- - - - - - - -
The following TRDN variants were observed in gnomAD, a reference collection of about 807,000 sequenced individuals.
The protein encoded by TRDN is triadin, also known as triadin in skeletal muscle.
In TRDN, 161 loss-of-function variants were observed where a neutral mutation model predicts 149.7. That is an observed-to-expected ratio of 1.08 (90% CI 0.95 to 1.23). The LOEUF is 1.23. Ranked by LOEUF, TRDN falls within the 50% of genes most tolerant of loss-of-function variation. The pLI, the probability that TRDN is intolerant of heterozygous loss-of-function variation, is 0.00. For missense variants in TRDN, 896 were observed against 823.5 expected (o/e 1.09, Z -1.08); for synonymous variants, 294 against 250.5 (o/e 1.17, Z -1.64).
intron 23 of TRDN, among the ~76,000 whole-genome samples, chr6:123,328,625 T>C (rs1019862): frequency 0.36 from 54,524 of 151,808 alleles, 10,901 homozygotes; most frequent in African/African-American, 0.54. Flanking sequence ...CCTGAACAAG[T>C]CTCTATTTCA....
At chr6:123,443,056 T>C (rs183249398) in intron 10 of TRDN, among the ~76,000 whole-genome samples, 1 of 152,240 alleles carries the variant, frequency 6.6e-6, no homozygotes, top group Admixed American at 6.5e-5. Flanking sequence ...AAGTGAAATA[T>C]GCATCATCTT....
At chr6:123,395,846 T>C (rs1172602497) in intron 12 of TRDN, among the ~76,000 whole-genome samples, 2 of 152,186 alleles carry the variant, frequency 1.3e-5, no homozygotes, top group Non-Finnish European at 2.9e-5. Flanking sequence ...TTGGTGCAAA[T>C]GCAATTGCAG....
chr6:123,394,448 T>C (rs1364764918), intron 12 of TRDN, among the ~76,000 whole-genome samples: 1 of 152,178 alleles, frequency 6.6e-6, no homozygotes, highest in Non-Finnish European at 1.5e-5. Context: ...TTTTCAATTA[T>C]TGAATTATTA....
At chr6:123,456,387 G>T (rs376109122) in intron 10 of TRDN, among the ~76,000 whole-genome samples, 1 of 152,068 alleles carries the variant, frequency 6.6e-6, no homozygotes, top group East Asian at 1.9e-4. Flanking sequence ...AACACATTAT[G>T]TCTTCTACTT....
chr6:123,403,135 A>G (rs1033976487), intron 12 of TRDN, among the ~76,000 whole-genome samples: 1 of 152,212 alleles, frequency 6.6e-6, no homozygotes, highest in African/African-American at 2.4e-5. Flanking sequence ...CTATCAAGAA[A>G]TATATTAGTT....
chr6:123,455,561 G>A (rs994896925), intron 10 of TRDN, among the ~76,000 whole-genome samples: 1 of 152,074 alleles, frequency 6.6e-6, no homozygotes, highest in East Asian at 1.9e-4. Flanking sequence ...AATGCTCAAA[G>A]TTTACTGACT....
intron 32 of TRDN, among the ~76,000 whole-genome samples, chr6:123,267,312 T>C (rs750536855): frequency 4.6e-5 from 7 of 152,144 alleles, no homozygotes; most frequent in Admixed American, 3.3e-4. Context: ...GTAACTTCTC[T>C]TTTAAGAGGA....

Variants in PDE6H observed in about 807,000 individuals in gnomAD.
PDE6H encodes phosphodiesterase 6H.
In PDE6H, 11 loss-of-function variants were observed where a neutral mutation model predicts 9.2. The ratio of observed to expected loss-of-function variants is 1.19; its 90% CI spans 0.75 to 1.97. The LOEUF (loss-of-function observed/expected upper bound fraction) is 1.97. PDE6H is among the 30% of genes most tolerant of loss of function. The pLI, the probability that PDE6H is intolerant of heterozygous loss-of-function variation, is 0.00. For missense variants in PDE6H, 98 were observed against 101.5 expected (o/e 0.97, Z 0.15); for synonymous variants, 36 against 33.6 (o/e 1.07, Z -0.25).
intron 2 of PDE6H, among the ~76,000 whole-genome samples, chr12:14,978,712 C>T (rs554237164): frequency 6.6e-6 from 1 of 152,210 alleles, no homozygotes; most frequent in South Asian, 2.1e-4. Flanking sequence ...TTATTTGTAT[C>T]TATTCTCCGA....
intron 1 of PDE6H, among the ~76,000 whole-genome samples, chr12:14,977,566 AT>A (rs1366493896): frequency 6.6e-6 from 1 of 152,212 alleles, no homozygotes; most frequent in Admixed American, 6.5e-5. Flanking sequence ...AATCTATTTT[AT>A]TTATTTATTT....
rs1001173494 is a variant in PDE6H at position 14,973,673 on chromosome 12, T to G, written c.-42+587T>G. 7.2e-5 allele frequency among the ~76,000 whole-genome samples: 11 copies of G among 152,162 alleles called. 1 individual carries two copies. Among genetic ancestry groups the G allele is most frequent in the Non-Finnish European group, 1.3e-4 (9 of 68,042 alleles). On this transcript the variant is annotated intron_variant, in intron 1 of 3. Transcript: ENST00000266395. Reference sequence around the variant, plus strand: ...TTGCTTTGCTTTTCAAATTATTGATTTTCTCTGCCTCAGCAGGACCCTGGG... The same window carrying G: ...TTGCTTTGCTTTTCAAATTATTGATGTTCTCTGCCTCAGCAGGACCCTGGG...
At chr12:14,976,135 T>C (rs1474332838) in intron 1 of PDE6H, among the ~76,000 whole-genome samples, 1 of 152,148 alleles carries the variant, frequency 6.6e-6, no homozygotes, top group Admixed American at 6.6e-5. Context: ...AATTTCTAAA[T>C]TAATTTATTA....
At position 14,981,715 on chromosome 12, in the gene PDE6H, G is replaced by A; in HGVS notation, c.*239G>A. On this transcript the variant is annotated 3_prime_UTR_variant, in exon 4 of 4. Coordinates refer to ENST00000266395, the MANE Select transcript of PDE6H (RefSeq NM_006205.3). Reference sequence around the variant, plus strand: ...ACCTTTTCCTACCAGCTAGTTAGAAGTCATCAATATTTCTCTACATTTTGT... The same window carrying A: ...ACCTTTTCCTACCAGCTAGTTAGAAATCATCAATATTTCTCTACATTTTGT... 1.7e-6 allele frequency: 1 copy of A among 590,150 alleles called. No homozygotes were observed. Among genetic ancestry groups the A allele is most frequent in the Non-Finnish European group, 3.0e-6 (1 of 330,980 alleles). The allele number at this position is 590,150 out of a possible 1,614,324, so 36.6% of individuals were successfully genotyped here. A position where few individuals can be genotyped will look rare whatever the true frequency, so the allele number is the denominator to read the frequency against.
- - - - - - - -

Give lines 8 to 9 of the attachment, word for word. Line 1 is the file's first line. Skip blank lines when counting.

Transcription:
At chr6:123,456,387 G>T (rs376109122) in intron 10 of TRDN, among the ~76,000 whole-genome samples, 1 of 152,068 alleles carries the variant, frequency 6.6e-6, no homozygotes, top group East Asian at 1.9e-4. Flanking sequence ...AACACATTAT[G>T]TCTTCTACTT....
chr6:123,403,135 A>G (rs1033976487), intron 12 of TRDN, among the ~76,000 whole-genome samples: 1 of 152,212 alleles, frequency 6.6e-6, no homozygotes, highest in African/African-American at 2.4e-5. Flanking sequence ...CTATCAAGAA[A>G]TATATTAGTT....